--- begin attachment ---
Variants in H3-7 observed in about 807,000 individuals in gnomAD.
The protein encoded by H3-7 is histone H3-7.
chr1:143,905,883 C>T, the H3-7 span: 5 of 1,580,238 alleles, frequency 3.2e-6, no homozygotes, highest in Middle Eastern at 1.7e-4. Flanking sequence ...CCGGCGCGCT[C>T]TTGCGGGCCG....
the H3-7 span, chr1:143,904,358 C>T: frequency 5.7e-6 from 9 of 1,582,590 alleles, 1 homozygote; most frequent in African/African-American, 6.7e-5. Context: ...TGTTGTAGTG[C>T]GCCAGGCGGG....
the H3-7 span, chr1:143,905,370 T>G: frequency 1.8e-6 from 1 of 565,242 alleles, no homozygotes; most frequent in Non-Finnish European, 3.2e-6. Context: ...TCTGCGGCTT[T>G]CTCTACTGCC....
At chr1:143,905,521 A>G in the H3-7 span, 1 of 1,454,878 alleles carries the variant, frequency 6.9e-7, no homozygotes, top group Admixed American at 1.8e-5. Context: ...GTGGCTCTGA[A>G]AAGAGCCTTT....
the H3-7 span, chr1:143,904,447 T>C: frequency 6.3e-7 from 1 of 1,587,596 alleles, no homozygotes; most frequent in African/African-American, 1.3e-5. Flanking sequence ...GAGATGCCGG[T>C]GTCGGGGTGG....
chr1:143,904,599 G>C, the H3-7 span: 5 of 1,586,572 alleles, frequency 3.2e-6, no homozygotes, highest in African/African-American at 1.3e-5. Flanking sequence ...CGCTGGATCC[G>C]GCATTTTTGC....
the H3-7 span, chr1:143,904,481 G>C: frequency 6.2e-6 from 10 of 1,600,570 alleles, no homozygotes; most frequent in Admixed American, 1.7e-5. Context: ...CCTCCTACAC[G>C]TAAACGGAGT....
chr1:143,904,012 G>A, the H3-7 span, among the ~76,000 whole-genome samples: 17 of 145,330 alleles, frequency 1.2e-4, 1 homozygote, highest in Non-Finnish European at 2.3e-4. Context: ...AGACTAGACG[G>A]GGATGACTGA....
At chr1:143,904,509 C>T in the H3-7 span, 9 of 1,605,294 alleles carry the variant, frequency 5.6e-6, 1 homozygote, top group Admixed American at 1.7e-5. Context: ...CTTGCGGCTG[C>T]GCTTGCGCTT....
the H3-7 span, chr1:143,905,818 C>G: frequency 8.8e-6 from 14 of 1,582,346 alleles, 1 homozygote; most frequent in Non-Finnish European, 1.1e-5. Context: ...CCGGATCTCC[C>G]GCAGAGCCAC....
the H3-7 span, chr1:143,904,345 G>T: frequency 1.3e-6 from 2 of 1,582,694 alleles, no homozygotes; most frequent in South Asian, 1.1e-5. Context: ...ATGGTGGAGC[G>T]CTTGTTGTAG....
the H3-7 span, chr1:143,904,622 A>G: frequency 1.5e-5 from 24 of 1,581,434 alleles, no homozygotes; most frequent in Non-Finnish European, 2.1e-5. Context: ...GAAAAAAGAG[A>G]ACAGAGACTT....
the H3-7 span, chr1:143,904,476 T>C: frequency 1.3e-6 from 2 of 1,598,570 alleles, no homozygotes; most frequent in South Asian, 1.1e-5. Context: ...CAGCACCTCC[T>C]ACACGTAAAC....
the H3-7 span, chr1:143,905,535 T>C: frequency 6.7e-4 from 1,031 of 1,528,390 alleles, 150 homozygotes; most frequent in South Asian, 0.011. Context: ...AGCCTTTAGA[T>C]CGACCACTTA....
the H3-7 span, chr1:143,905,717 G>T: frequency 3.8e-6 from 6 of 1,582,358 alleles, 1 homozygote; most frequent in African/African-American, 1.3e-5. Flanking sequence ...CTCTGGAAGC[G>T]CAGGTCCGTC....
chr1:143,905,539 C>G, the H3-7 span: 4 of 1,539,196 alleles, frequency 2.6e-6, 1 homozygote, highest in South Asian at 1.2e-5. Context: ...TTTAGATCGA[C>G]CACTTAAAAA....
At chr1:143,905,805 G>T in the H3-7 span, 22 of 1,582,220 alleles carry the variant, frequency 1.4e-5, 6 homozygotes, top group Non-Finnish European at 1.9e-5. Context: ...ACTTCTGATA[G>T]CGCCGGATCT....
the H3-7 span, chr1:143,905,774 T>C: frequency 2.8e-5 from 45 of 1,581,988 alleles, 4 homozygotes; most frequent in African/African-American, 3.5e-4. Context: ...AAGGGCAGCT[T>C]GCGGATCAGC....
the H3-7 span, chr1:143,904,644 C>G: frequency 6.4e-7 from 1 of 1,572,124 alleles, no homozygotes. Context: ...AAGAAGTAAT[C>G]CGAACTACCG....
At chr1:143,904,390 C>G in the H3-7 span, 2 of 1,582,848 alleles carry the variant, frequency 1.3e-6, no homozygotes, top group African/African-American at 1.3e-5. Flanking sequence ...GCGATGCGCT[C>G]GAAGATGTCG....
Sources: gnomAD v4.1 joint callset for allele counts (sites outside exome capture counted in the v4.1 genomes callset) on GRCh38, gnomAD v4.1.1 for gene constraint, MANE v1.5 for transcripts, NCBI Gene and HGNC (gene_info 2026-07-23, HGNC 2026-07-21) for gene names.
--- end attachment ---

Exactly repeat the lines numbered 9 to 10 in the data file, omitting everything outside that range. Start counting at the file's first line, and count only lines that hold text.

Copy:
the H3-7 span, chr1:143,904,481 G>C: frequency 6.2e-6 from 10 of 1,600,570 alleles, no homozygotes; most frequent in Admixed American, 1.7e-5. Context: ...CCTCCTACAC[G>C]TAAACGGAGT....
chr1:143,904,012 G>A, the H3-7 span, among the ~76,000 whole-genome samples: 17 of 145,330 alleles, frequency 1.2e-4, 1 homozygote, highest in Non-Finnish European at 2.3e-4. Context: ...AGACTAGACG[G>A]GGATGACTGA....